Over the weekend my neighbors had a party that through my walls sounded like a whole lot of fun, and while everyone in my house was there I just couldn’t bring myself to go. I wanted to, but I couldn’t. I was sort of sleepy and feeling sick but the real reason I didn’t go, not even for a cute little pump through, is because the whole thing made me nervous. I was worried about being in a new social situation with people I’m not already familiar with. The thought of going over there, saying hi, having small talk, and interacting with strangers was so overwhelming I nearly cried. Why was this so difficult?
It was confusing because I genuinely love being social and am good with people. I love talking to people and finding out their stories. I love getting dressed up and going out until the wee hours of the morning. I love dancing. I love nightclubs, and if you put me in front of an audience of 10 or 100,000 people I won’t feel nervous. So why was a little house party in East London too much to handle?
All this has to do with anxiety, and it has taken me years to realize this is the cause of most of my problems. And that means that for years I’ve let anxiety get the best of me. Anxiety has affected nearly every aspect of my life, from personal and romantic relationships to my creativity and work habits. But where does it come from? Being an academic? Living a precarious life? Being a queer person of color? Over the past several months it’s totally snowballed, growing into a bigger, darker, more ominous cloud. I was fucking everything up, and I knew something wasn’t right but I just couldn’t place what it was.
The first step in battling anxiety is realizing that whatever is making you anxious is never as bad as you think. Maybe I would’ve had a fabulous time/cocktails at my neighbor’s party, and maybe I could’ve committed to talking to someone new and staying for only 30 minutes. At least then anxiety wouldn’t have snatched my wig but, as I’m learning, the road to recovery is bumpy. My body wanted to go to the party but my mind paralyzed me, and the trick is to be proactive so that your mind doesn’t paralyze you. What I’ve learned in the slow process of recovery is that things are never as scary as they seem if you confront them head on.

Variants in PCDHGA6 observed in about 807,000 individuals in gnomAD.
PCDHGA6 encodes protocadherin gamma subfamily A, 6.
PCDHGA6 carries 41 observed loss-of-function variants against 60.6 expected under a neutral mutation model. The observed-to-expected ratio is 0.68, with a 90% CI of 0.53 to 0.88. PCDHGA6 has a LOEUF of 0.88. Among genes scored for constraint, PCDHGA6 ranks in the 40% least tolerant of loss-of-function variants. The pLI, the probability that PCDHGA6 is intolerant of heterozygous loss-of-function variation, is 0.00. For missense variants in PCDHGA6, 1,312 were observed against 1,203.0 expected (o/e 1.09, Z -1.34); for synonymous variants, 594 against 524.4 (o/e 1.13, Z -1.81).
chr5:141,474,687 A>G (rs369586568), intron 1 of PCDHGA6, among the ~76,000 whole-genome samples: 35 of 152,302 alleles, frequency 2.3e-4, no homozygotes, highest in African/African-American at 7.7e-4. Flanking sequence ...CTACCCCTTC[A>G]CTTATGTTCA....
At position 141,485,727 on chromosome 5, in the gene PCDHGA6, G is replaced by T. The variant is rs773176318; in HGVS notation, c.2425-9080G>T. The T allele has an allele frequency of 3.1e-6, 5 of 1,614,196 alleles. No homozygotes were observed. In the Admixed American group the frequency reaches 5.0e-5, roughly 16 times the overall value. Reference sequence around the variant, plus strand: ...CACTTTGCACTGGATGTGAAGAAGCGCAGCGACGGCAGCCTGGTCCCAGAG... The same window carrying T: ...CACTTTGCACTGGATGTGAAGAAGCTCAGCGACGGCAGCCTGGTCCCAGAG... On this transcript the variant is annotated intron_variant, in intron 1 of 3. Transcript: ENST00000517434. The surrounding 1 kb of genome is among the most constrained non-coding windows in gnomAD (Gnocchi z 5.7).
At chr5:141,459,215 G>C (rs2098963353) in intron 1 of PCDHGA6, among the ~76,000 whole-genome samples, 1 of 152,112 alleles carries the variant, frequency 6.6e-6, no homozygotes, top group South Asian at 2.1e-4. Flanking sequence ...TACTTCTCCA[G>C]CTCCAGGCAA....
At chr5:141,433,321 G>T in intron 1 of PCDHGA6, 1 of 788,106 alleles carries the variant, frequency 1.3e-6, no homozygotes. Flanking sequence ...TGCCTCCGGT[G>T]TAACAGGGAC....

The second step is knowing your patterns. What makes you anxious? Can you pinpoint the patterns? Mine looks like this: at a certain point I start to feel overwhelmed, like I’m running out of bandwidth and can’t take in more data, which means I freeze and do nothing. I get anxious about a project, a task I’m supposed to do, an email I should respond to, and instead of being proactive and jumping on those tasks, I let them slip and slide, or completely forget, which only adds to the cycle of anxiety and almost always blows up in your face in the end.
Anxiety will always be there, but when you’re aware of your patterns you have what it takes to nip that queen in the bud. The saying goes that people don’t change—that you should never date someone intending to morph them into a totally different person. Maybe the saying is right; maybe people don’t change. But the real you isn’t the one that runs from your fears or hides from your problems.